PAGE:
Many child welfare terms are subject to interpretation. The Glossary identifies commonly held definitions for terms that can be found on the Child Welfare Information Gateway website or in products and materials developed by external entities (e.g., Federal or State Agencies or other reliable organizations). When noted, Information Gateway is cited as the source. The Glossary also provides common acronyms and includes links to information on major Federal legislation and related child welfare terms. The Glossary will be updated as new terminology emerges in the field, as new legislation is enacted, and as child welfare terms take on new meaning.
For additional information on glossary terms, please see our index Search A-Z.
LD (See learning disability.)
The ability to set a direction and influence others to follow. Increasingly, child welfare researchers and reformers have focused on the importance of leadership in building and maintaining an effective workforce. Agency administrators and judicial officers can set the tone for the organization and affirm the importance of its workforce through large and small decisions as well as day-to-day interactions with staff.
learning disability (LD)
A neurological condition that interferes with an individual’s ability to store, process, or produce information. Learning disabilities can affect one’s ability to read, write, speak, spell, compute math, and reason, and can affect an individual’s attention, memory, coordination, social skills, and emotional maturity. (Learning Disabilities Association of America)
An organization/system in which there is a culture that is proactive and supports ongoing learning as a framework for continuous quality improvement. (Adapted from the CB CQI IM-12-07.)
Another term for a lawyer or attorney. A legal counsel advises clients about their legal rights and obligations and represents clients in legal proceedings.
legal custody (See custody.)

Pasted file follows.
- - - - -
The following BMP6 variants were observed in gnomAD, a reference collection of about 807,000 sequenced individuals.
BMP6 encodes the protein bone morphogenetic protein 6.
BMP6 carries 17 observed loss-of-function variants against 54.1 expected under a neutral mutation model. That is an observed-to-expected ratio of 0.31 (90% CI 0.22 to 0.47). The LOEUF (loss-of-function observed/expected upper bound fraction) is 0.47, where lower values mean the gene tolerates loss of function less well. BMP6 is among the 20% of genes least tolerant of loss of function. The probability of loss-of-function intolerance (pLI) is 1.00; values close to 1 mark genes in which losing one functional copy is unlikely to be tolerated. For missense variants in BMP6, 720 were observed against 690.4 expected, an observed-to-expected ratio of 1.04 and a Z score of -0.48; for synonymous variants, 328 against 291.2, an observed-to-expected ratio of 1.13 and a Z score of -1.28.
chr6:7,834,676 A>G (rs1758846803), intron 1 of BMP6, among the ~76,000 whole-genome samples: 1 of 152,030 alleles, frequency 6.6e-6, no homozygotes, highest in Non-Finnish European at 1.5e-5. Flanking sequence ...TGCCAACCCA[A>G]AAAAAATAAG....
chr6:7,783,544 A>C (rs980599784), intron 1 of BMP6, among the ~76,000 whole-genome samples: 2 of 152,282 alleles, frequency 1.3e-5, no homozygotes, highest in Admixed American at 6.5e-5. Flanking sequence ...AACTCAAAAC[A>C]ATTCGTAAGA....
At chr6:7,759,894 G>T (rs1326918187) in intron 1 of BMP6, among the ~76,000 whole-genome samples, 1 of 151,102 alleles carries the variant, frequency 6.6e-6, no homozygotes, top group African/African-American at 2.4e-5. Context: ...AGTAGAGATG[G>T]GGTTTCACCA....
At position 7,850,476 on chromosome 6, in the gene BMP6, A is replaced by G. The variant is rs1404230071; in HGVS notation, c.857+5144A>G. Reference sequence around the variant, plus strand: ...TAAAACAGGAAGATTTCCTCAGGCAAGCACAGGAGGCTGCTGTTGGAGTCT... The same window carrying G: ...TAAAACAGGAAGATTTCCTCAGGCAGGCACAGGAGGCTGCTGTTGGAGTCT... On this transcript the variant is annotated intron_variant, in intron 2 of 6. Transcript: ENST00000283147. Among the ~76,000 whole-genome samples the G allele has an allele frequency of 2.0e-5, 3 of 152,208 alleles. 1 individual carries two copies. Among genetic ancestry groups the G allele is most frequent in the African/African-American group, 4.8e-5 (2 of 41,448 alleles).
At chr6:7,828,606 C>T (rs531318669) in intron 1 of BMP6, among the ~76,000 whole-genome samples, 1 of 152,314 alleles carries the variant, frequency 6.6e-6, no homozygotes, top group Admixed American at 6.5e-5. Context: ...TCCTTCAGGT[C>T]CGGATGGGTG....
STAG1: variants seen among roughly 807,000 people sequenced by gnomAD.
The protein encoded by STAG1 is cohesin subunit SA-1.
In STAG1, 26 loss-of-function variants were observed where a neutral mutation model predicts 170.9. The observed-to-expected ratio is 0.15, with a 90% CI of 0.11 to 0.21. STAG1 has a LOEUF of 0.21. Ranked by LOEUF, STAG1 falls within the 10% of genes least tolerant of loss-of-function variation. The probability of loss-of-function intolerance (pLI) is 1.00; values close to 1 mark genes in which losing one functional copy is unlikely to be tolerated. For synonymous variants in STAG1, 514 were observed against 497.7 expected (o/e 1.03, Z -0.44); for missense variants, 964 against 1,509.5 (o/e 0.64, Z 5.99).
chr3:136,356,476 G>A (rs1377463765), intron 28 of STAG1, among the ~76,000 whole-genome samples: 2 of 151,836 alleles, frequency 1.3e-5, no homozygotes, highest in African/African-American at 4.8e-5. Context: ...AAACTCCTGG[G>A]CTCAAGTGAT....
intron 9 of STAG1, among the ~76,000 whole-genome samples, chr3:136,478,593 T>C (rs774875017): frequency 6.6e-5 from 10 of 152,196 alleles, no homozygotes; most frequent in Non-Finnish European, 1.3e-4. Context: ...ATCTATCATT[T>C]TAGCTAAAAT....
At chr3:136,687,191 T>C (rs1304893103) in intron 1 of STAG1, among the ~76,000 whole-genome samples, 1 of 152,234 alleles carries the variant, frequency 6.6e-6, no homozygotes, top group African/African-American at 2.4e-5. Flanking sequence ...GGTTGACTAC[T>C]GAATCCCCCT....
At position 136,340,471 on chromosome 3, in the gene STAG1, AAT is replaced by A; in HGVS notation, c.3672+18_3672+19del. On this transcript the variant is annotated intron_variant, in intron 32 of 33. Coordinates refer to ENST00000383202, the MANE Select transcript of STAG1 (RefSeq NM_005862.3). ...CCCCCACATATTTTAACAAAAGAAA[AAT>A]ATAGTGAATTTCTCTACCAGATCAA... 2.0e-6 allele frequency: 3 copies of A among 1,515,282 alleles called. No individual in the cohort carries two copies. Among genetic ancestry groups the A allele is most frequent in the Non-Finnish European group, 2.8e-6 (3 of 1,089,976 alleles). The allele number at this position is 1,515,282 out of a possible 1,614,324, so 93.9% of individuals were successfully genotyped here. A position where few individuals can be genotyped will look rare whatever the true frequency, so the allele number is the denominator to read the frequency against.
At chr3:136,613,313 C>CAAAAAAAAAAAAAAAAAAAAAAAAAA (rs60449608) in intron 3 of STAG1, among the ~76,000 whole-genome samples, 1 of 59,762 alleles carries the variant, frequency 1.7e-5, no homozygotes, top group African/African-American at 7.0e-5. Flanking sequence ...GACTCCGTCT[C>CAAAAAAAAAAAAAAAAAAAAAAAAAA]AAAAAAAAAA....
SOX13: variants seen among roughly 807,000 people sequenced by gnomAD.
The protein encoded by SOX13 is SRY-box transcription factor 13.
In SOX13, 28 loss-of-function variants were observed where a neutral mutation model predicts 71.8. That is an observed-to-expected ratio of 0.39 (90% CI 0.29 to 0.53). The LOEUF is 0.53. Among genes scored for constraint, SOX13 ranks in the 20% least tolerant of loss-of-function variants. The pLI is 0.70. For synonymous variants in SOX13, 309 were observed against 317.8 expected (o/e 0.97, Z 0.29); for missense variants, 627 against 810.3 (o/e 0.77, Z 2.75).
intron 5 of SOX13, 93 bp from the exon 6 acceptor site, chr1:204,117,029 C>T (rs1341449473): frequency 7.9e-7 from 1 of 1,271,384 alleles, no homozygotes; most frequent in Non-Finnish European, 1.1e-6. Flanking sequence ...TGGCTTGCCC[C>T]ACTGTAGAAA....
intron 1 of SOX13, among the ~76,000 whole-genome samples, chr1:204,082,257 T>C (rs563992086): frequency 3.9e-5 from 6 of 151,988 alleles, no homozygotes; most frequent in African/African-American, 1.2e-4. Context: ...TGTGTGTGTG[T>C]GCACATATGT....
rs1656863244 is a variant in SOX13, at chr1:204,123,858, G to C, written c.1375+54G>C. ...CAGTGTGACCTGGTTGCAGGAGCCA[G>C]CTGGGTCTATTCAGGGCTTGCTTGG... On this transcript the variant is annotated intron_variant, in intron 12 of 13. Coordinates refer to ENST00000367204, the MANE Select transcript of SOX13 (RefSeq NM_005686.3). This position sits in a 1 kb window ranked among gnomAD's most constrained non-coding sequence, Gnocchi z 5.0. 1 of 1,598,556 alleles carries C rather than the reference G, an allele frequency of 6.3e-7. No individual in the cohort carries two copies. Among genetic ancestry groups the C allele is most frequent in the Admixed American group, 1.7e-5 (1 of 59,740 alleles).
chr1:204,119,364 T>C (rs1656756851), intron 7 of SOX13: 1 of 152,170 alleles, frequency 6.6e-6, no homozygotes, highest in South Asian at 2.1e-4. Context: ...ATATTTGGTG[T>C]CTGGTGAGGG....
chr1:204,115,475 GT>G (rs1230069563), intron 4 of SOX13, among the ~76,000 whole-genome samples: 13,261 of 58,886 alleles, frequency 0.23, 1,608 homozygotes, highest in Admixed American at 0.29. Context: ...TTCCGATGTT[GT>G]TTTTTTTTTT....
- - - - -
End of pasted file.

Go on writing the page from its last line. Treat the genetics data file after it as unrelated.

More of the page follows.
An adult to whom the court has given parental responsibility and authority for a child. Appointment as guardian requires the filing of a petition and approval by the court and can be done without terminating the parental rights of the child's parents.
legal risk placement
A placement made preliminarily to an adoption where the prospective adoptive parents acknowledge, in writing, that a child can be ordered returned to the sending state or the birth mother's state of residence (if different from the sending state), and a final decree of adoption shall not be entered in any jurisdiction until all required consents or a termination of parental rights are obtained or dispensed with in accordance with applicable law.
legally free (in adoption)
A child is legally free for adoption when the parental rights of that child's birth parents have been terminated in a court of law.
licensing, licensure for child placement
Regulations in each State that ensure children are cared for in physically and developmentally safe environments. In most States, licensing may not be required for kinship or relative care.
life book, life story book
A journal or scrapbook that provides a chronicle of a child's life story and personal history. A social worker, therapist, foster parent, or adoptive parent can help a child to make a life book. It can then serve as a therapeutic tool to help facilitate the child's identity formation and understanding of adoption, and provides a way to share parts of the child's life not spent with their parents.
A logic model is a map or a simple illustration of what you do, why you do it, what you hope to achieve, and how you will measure achievement. It includes the anticipated outcomes of your services, indicators of those outcomes, and measurement tools to evaluate the outcomes.
long-term foster care
The placement of a child in foster care for an extended period of time. The Adoption and Safe Families Act does not recognize long-term foster care as a permanency option and, increasingly, State child welfare systems no longer view long-term foster care as a placement alternative.
The harm or distress resulting from losing. Children and families involved in child welfare typically have suffered many losses that may be attributed to abuse and neglect, removal from the home (loss of family and friends), and/or the transitions or disruptions they may experience throughout the process.